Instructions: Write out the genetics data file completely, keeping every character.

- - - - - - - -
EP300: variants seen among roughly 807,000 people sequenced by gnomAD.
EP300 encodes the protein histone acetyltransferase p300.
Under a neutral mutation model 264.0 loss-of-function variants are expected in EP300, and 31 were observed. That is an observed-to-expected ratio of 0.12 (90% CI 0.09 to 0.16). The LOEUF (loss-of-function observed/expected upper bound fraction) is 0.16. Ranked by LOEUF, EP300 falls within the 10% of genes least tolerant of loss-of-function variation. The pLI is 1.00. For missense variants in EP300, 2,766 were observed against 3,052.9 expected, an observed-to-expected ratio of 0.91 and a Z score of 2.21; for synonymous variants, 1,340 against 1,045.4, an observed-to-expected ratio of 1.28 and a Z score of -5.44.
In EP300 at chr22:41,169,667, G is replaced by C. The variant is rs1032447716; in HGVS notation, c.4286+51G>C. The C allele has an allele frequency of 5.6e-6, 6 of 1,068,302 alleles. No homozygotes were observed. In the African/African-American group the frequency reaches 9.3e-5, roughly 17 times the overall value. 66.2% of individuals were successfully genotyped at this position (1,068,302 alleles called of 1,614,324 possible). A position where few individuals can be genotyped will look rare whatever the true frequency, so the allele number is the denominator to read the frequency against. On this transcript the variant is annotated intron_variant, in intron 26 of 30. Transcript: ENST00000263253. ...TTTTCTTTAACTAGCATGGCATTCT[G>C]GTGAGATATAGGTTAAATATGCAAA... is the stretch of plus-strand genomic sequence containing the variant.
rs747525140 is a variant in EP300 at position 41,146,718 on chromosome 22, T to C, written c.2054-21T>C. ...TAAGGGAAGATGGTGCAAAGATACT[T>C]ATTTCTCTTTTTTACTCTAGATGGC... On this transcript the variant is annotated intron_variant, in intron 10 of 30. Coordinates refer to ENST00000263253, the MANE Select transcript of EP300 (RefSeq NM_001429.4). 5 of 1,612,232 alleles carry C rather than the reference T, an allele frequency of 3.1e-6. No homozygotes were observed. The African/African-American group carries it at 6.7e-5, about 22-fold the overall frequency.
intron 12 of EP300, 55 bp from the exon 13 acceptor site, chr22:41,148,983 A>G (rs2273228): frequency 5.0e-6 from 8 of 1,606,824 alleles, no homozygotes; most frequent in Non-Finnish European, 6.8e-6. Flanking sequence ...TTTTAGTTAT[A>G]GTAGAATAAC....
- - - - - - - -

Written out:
EP300: variants seen among roughly 807,000 people sequenced by gnomAD.
EP300 encodes the protein histone acetyltransferase p300.
Under a neutral mutation model 264.0 loss-of-function variants are expected in EP300, and 31 were observed. That is an observed-to-expected ratio of 0.12 (90% CI 0.09 to 0.16). The LOEUF (loss-of-function observed/expected upper bound fraction) is 0.16. Ranked by LOEUF, EP300 falls within the 10% of genes least tolerant of loss-of-function variation. The pLI is 1.00. For missense variants in EP300, 2,766 were observed against 3,052.9 expected, an observed-to-expected ratio of 0.91 and a Z score of 2.21; for synonymous variants, 1,340 against 1,045.4, an observed-to-expected ratio of 1.28 and a Z score of -5.44.
In EP300 at chr22:41,169,667, G is replaced by C. The variant is rs1032447716; in HGVS notation, c.4286+51G>C. The C allele has an allele frequency of 5.6e-6, 6 of 1,068,302 alleles. No homozygotes were observed. In the African/African-American group the frequency reaches 9.3e-5, roughly 17 times the overall value. 66.2% of individuals were successfully genotyped at this position (1,068,302 alleles called of 1,614,324 possible). A position where few individuals can be genotyped will look rare whatever the true frequency, so the allele number is the denominator to read the frequency against. On this transcript the variant is annotated intron_variant, in intron 26 of 30. Transcript: ENST00000263253. ...TTTTCTTTAACTAGCATGGCATTCT[G>C]GTGAGATATAGGTTAAATATGCAAA... is the stretch of plus-strand genomic sequence containing the variant.
rs747525140 is a variant in EP300 at position 41,146,718 on chromosome 22, T to C, written c.2054-21T>C. ...TAAGGGAAGATGGTGCAAAGATACT[T>C]ATTTCTCTTTTTTACTCTAGATGGC... On this transcript the variant is annotated intron_variant, in intron 10 of 30. Coordinates refer to ENST00000263253, the MANE Select transcript of EP300 (RefSeq NM_001429.4). 5 of 1,612,232 alleles carry C rather than the reference T, an allele frequency of 3.1e-6. No homozygotes were observed. The African/African-American group carries it at 6.7e-5, about 22-fold the overall frequency.
intron 12 of EP300, 55 bp from the exon 13 acceptor site, chr22:41,148,983 A>G (rs2273228): frequency 5.0e-6 from 8 of 1,606,824 alleles, no homozygotes; most frequent in Non-Finnish European, 6.8e-6. Flanking sequence ...TTTTAGTTAT[A>G]GTAGAATAAC....